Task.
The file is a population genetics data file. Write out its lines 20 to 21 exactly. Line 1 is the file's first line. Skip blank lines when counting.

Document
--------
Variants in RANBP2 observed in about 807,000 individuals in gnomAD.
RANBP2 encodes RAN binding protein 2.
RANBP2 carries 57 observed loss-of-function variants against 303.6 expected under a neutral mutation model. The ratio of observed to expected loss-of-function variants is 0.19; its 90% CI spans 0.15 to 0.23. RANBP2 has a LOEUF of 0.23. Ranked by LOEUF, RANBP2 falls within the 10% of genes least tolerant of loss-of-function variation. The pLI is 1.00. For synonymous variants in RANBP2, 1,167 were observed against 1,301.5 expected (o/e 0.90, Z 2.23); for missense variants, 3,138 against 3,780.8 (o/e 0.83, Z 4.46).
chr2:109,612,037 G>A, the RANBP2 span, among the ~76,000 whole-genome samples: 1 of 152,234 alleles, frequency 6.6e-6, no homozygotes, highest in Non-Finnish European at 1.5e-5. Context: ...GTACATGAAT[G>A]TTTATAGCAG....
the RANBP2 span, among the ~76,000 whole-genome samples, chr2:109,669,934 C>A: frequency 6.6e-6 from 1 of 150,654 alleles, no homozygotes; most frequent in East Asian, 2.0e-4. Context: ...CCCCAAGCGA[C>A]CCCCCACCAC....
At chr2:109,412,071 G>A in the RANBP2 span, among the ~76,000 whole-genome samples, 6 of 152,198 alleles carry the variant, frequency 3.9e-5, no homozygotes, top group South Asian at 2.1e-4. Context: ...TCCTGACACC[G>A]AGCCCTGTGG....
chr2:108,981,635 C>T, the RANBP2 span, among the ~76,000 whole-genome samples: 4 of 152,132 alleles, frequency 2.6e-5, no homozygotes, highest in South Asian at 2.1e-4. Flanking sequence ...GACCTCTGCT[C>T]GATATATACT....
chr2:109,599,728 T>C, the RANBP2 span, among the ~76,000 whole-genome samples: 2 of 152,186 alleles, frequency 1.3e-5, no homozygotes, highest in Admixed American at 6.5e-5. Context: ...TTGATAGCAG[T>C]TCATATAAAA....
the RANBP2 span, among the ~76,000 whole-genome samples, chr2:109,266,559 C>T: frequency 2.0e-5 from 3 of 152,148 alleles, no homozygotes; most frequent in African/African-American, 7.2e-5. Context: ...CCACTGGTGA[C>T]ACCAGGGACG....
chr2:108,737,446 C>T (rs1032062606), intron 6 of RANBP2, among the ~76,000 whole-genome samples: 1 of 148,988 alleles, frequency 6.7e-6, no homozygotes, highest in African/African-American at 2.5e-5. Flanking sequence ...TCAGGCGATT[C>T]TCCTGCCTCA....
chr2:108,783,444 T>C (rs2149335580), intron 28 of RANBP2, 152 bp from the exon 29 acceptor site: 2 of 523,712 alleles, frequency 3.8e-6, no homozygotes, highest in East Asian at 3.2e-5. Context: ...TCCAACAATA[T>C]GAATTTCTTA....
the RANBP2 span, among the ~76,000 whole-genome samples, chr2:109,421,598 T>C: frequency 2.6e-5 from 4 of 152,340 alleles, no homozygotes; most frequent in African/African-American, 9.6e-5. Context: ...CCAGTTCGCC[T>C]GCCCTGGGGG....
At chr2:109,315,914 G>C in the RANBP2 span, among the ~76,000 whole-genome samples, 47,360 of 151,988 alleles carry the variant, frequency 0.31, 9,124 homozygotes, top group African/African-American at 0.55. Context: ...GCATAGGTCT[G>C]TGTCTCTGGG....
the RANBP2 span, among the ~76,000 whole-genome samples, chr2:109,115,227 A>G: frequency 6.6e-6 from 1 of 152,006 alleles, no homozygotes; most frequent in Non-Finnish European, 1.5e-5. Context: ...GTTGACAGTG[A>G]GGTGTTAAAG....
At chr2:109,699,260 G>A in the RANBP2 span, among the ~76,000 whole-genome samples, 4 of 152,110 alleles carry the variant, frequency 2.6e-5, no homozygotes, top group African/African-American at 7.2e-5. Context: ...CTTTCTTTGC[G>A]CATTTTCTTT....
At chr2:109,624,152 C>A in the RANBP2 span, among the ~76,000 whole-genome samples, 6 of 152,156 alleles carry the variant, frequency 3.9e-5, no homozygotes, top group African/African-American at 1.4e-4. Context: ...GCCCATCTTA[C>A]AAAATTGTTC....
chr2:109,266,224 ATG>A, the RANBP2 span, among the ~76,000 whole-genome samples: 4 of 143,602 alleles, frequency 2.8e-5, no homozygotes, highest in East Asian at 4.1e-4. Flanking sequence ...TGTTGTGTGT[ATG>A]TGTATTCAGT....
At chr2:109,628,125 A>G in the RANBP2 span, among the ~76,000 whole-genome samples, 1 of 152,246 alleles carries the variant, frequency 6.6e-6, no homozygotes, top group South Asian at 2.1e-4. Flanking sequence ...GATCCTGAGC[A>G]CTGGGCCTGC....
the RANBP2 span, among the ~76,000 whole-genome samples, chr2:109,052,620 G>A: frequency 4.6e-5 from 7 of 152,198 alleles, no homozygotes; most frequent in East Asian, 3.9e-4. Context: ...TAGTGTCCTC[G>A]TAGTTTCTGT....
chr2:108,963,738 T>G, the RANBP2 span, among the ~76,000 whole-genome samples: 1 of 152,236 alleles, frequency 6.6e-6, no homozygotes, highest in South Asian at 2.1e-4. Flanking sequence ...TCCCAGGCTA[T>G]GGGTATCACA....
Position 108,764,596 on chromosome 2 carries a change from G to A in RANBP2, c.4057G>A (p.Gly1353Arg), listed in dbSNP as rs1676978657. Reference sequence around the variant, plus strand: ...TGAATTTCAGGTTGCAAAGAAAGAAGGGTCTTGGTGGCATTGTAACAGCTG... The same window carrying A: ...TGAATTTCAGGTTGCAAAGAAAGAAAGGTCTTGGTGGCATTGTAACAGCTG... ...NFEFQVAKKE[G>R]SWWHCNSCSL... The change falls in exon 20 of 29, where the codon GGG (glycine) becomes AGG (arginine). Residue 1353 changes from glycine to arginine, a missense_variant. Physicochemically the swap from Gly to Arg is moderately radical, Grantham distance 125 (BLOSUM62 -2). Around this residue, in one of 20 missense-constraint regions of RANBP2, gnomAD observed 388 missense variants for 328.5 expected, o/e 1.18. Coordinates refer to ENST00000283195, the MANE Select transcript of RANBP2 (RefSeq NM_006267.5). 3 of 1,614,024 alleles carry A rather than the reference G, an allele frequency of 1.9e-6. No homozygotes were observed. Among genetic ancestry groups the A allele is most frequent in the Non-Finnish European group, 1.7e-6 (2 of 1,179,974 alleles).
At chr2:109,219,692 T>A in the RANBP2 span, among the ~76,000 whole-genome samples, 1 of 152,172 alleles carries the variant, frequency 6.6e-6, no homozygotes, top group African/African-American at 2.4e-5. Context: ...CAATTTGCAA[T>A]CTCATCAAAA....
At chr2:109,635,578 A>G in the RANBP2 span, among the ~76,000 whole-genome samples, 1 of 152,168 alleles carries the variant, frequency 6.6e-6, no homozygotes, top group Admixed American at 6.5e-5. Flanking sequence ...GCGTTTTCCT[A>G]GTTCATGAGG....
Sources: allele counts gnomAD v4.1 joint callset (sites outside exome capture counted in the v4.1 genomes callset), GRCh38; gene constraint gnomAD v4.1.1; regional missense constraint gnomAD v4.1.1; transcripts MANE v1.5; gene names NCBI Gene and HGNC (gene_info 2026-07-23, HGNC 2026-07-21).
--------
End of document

chr2:108,963,738 T>G, the RANBP2 span, among the ~76,000 whole-genome samples: 1 of 152,236 alleles, frequency 6.6e-6, no homozygotes, highest in South Asian at 2.1e-4. Flanking sequence ...TCCCAGGCTA[T>G]GGGTATCACA....
Position 108,764,596 on chromosome 2 carries a change from G to A in RANBP2, c.4057G>A (p.Gly1353Arg), listed in dbSNP as rs1676978657. Reference sequence around the variant, plus strand: ...TGAATTTCAGGTTGCAAAGAAAGAAGGGTCTTGGTGGCATTGTAACAGCTG... The same window carrying A: ...TGAATTTCAGGTTGCAAAGAAAGAAAGGTCTTGGTGGCATTGTAACAGCTG... ...NFEFQVAKKE[G>R]SWWHCNSCSL... The change falls in exon 20 of 29, where the codon GGG (glycine) becomes AGG (arginine). Residue 1353 changes from glycine to arginine, a missense_variant. Physicochemically the swap from Gly to Arg is moderately radical, Grantham distance 125 (BLOSUM62 -2). Around this residue, in one of 20 missense-constraint regions of RANBP2, gnomAD observed 388 missense variants for 328.5 expected, o/e 1.18. Coordinates refer to ENST00000283195, the MANE Select transcript of RANBP2 (RefSeq NM_006267.5). 3 of 1,614,024 alleles carry A rather than the reference G, an allele frequency of 1.9e-6. No homozygotes were observed. Among genetic ancestry groups the A allele is most frequent in the Non-Finnish European group, 1.7e-6 (2 of 1,179,974 alleles).